The Dark Engine is a game engine used for the Looking Glass Studios games Thief: The Dark Project (1998), Thief II: The Metal Age (2000), and the Looking Glass/Irrational Games title System Shock 2 (1999).
The Dark Engine's renderer, originally created by Sean Barrett in 1995, supports graphics similar to that of the original Quake, with Unreal-like skybox effects and colored lighting introduced in Thief II. Due to the limited hardware of the time, the Dark Engine was not designed with scalability in mind, and can therefore only display 1024 terrain polygons onscreen at once, as well as various other limits on objects and lights. In terms of textures, the game supports palletized PCX and TGA textures, in powers of two up to 256x256. Textures are grouped in "families" which share the same palette. There is a maximum of 216 textures and independent palettes, excluding 8 animated water textures.
The engine does not natively support advanced game scripting, with AI and object behavior being controlled by "Object Script Module" (.OSM) files, which are DLLs that are loaded at runtime. As such, new modules can be written and plugged into the level editor, DromEd, but are limited due to the scope of the functions made available by the core engine. In order to overcome this, editors must resort to complicated Rube Goldberg machine-like effects using a combination of its other systems.
For its time, the Dark Engine offered advanced AI and sound features, as well as a powerful object-oriented object system. The designer has full control of sound propagation within the level, and the "artificial intelligence" of the non-player characters (NPCs) allows for three levels of awareness: vague acknowledgement caused by mild visual or auditive disturbances, which only prompts a startled bit of dialogue; definite acknowledgement caused by significant visual or auditive disturbances, which causes the NPC to enter "search mode", and definite acquisition (triggered by visual on the fully lit player, or face-first contact with a player regardless of the light level), prompting a direct attack.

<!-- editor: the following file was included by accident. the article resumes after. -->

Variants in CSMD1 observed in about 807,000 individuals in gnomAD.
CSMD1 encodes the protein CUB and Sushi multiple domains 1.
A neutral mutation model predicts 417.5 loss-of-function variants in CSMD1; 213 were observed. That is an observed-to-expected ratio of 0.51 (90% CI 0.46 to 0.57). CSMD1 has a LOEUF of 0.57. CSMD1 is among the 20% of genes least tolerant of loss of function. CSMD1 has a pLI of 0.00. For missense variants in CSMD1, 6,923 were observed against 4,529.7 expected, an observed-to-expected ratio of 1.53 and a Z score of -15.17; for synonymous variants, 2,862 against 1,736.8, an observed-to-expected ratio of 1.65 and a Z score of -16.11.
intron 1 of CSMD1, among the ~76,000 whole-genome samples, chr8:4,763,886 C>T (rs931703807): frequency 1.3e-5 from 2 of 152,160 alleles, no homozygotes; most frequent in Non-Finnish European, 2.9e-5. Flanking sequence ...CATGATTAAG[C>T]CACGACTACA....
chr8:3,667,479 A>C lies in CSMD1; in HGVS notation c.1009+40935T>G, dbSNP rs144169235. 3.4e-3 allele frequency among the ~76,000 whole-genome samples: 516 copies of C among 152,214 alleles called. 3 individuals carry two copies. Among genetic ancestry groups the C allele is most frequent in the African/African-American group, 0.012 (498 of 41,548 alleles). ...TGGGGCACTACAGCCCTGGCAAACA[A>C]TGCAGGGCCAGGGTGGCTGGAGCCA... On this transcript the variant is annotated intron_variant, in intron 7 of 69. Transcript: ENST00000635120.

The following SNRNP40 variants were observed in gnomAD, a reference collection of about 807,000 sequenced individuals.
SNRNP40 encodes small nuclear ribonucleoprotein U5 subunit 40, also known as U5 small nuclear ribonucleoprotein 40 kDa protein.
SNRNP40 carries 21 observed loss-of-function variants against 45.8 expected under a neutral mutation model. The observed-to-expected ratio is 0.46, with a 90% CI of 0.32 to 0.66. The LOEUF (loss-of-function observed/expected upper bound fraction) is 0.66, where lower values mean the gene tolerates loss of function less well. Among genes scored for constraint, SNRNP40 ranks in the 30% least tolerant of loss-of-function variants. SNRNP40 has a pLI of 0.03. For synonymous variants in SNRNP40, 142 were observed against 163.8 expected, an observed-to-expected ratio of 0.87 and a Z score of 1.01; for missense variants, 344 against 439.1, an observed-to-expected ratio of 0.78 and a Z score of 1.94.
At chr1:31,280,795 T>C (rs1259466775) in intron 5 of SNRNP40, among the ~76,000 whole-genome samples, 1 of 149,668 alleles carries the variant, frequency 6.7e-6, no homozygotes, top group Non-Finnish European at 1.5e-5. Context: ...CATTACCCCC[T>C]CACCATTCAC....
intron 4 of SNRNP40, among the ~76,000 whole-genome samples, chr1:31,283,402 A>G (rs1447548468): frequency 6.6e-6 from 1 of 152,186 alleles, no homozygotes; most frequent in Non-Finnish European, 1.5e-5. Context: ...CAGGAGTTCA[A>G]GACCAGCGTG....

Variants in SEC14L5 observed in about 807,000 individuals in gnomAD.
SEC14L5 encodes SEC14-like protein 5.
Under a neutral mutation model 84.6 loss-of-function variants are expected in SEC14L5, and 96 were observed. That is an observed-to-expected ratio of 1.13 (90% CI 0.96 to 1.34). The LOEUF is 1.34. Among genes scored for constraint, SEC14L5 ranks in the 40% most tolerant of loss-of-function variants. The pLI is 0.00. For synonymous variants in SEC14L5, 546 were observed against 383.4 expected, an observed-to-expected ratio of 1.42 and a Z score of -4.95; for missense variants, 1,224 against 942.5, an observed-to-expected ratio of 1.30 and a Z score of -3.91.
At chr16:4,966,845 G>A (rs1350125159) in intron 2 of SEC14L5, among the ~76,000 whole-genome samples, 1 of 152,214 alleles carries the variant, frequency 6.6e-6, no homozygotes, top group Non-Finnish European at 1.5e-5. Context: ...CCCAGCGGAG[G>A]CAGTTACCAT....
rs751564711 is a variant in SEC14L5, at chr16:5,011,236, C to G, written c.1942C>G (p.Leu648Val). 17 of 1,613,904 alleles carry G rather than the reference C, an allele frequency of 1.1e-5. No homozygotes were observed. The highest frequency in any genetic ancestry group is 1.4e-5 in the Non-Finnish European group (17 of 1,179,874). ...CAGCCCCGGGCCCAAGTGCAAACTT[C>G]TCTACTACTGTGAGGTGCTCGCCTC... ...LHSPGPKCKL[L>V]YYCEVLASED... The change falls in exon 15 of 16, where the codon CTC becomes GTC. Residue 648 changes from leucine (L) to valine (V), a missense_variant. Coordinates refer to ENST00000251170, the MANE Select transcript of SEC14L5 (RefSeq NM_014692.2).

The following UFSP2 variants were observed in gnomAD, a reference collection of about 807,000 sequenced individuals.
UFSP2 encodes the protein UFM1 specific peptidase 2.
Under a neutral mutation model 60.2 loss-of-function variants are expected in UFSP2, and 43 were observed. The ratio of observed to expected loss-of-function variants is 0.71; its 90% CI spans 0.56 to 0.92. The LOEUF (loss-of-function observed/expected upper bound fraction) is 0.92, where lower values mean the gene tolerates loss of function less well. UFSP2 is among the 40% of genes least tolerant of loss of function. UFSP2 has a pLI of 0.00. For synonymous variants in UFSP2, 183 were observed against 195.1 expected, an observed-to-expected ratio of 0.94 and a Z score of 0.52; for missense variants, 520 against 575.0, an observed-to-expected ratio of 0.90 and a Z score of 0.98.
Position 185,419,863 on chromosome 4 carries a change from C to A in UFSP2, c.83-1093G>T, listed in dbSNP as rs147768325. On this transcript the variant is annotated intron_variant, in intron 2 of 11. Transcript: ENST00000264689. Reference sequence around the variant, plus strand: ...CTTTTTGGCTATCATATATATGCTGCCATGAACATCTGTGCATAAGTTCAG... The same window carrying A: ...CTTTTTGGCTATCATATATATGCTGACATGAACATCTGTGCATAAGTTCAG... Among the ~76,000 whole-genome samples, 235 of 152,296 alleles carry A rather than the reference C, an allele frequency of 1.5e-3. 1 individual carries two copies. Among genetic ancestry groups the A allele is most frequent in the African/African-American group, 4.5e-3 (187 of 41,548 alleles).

In 2009, a complete copy of the Dark Engine source code was discovered in the possession of an ex-Looking Glass Studios employee who was at the time continuing his work for Eidos Interactive. The code was a complete set of the engine's resources, and included the libraries needed to compile the code. Fans of the Thief and System Shock series subsequently petitioned the publisher to consider releasing the code. The ramifications of releasing this set of code is currently being reviewed by lawyers at the company.
In late April 2010, a user on the Dreamcast Talk forum disassembled the contents of a Dreamcast development kit he had purchased. The contents of the kit included, among other things, items pertaining to ports of Thief 2 and System Shock 2 to that system. By December 2010, it had been discovered by the user and subsequently the greater Looking Glass Studios fan community that a compact disk included with the kit - the contents of which had been uploaded to the Internet - included a second copy of the Dark Engine source, minus the libraries needed to compile the code.
In September 2012, a significant unofficial update to the Dark Engine was published anonymously in a French forum, most probably based on the leaked Dreamcast source code. This unofficial patch extended the limits of the engine, introduced support for recent graphics and sound hardware, as well as better support for newer versions of Windows.
DromEd is the level editor for the Dark Engine. It was originally used in the design of Thief: The Dark Project, but after a petition from the fan community it was released to the public, as were later versions.
There are four different versions of DromEd: for Thief: The Dark Project, for Thief Gold, for Thief II, and lastly for System Shock 2, commonly called "ShockEd." DromEd for Thief: The Dark Project and Thief Gold use the same version of the Dark Engine and therefore can open levels created for each game, although Thief Gold levels may refer to in-game objects that are not found in Thief. Thief II uses a revised version of the Dark Engine, and therefore it is difficult to open levels created for Thief with DromEd for Thief II. ShockEd is not compatible with any Dark Engine games aside from System Shock 2. However, basic level geometry can be moved between editors using a geometry export feature called "multibrush". System Shock 2 levels can be loaded by DromEd 2 with some work.
The name of the level editor, DromEd, is a reference to the original project it was designed for — a game based on the Arthurian legend of Camelot — the Camel becoming Dromedary and thence Dromed. DromEd has been used by fans to create hundreds of fan missions for Thief and Thief II, and several missions for System Shock 2.